Eventually though, I got over it (although I still expect to be a little bummed on race day). I got to the point where all I wanted was to be able to at least run for me. Running is a great physical activity but for me it’s also a way to brain dump everything that swirls around. I put on my music, yes, but it’s still like a meditation for me. My breathing becomes a consistent match with my pace, and my feet hitting the ground are a steady tick-tock. Every time I’ve gone for a run after a bad day I can barely remember what sucked by the time I get back. Even less-than-stellar runs are good runs; I still distinctly recall the day I mistakenly went on a long run (13 km I think?) with brand new shoes and ended up with a sore knee, a sore shin, a bruised toenail, and a bleeding blister, and I STILL said it was a great run.
I’ve been seeing a great chiropractor for the vertigo because traditional medicine (“cut out salt, watch how much liquid you’re taking in, take these pills 3X/day, and wait it out”) wasn’t doing it for me. Getting chiropractic adjustments helped me more than anything. Last week I went to her office, got a treatment, and on the way home (she’s a friend as well, so I get the bonus of a lift home afterwards!) she told me she thought I was ready to try a run on the weekend.
I was so excited! She advised me to do ten minutes of walking, ten minutes of light running, and ten minutes of walking to see how it goes. I am terrible at following directions, I really am, because I get so hyper when I want to do something. I walked as far as the end of the driveway and then the excitement was too much to deal with and I just started running. I ran about one whole kilometer before I stopped to walk. From there I did “run this block, then walk for a minute, then run to the end of that block, repeat” intervals. I was pretty out of breath because I’m not used to running anymore (last run was October of 2014!) but I felt great anyway.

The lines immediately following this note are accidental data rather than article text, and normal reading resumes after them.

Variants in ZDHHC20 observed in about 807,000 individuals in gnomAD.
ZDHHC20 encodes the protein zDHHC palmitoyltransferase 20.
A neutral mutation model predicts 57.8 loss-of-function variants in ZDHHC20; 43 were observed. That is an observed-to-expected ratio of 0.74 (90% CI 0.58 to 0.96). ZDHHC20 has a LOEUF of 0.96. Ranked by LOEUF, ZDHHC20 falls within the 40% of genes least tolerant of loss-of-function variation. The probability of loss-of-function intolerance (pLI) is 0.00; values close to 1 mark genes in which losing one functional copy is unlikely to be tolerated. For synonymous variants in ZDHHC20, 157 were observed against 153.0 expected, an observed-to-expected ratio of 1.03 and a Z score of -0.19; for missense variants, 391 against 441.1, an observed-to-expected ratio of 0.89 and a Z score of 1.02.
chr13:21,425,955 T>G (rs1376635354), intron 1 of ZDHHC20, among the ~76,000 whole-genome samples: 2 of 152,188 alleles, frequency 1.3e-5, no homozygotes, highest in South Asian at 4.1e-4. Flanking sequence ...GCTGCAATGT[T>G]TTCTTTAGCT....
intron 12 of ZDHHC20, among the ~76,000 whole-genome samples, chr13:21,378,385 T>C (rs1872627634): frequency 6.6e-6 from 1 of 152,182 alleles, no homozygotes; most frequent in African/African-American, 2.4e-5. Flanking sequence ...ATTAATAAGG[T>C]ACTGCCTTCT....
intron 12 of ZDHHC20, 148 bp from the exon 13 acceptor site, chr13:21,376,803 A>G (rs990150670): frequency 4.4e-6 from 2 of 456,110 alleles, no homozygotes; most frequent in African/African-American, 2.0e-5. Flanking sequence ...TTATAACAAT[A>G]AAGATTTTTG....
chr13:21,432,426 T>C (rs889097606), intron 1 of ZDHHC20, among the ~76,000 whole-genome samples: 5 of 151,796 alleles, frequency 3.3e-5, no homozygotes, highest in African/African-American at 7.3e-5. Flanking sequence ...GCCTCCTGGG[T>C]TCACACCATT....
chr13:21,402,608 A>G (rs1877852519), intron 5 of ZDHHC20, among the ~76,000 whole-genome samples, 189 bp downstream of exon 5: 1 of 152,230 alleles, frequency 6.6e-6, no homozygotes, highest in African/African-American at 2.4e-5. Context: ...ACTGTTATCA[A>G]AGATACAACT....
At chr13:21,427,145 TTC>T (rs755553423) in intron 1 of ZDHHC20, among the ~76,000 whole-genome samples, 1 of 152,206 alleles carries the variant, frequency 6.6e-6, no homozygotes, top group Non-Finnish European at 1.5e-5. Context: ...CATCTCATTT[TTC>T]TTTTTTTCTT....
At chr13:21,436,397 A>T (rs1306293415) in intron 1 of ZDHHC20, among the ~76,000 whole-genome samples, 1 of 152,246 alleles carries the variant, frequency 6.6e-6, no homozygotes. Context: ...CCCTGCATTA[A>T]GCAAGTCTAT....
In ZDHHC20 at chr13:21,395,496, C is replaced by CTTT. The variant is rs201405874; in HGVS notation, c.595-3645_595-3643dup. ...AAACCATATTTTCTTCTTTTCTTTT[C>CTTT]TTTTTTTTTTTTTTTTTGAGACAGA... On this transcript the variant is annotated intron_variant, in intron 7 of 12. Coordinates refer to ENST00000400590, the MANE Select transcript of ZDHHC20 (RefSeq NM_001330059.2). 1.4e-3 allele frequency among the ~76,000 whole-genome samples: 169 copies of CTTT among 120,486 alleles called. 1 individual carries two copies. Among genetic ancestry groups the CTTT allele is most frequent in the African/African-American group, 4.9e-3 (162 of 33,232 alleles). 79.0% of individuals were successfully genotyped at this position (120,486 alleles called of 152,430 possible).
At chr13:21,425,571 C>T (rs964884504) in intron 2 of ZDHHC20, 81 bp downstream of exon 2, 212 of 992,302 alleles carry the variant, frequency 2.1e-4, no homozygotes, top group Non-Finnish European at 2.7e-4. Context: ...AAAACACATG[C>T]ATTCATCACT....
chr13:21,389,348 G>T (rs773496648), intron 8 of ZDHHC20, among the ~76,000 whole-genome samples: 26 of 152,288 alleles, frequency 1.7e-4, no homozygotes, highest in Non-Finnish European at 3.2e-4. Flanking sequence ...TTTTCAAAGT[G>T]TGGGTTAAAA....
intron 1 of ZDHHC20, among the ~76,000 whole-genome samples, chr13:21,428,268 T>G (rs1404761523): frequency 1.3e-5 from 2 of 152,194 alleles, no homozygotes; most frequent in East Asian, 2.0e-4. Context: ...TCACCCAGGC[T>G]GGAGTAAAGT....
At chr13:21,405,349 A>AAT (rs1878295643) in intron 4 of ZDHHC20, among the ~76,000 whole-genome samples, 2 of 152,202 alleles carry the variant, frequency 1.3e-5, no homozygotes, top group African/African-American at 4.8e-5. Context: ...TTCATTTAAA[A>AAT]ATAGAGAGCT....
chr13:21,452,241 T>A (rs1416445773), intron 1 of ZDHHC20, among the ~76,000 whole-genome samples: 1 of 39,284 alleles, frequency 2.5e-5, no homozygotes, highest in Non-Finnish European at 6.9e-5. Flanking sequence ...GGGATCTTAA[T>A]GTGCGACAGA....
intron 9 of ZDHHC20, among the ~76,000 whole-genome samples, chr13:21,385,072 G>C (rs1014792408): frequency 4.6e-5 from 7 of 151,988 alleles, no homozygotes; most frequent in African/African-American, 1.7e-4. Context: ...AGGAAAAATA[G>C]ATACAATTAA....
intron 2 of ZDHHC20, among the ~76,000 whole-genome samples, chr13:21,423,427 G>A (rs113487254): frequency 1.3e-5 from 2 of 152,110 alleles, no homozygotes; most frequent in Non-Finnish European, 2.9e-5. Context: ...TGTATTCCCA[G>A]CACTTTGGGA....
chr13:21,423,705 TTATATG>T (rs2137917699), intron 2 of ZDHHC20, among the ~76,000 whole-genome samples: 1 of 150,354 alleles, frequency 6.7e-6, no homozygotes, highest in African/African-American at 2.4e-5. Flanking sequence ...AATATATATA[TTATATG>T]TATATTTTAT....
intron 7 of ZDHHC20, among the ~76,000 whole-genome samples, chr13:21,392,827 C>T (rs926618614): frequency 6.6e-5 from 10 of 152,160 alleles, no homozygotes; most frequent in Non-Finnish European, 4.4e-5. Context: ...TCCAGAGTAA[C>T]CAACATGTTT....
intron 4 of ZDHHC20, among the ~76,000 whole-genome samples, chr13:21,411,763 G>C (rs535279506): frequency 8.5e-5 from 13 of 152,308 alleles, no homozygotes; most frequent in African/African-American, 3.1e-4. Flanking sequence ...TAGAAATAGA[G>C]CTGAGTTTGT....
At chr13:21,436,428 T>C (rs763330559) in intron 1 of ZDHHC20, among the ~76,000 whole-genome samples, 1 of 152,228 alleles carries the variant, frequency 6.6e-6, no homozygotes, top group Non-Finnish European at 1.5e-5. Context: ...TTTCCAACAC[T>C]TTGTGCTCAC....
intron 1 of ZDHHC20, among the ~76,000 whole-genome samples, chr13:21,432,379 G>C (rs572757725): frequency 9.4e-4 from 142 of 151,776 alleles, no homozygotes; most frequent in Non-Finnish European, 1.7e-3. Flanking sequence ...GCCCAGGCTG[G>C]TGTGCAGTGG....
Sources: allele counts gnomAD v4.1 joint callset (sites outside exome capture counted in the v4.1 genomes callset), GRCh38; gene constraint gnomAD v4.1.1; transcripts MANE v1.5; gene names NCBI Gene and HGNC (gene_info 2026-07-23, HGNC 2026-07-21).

When I got to the corner of my street, I was so full of adrenaline and emotion that I ended up simultaneously sprinting, laughing, and crying all the way to my front door.
It wasn’t much of a run. I went less than 3.5 km in total; I wanted to do more but didn’t want to push my luck. Still, short as it was, it was an extremely meaningful run for me because at the risk of sounding dramatic, back in early March I honestly started to wonder if I would ever be able to run again and was beginning to worry that the answer was no.
If you start to feel that way about something that you love, there is only one piece of advice I can give you. When you have doubts about your abilities, try as hard as you can to prove yourself wrong.
The day after I was a little sore. My calves were fine but my quads were stiff and angry, and my abs were sore too – it’s easy to forget that you use your core when you run! No regrets though. I was sore, but not sorry.
And I can’t wait to get out there again. I may not be racing in the Bluenose this year, but I’m running dammit, and right now that’s good enough for me.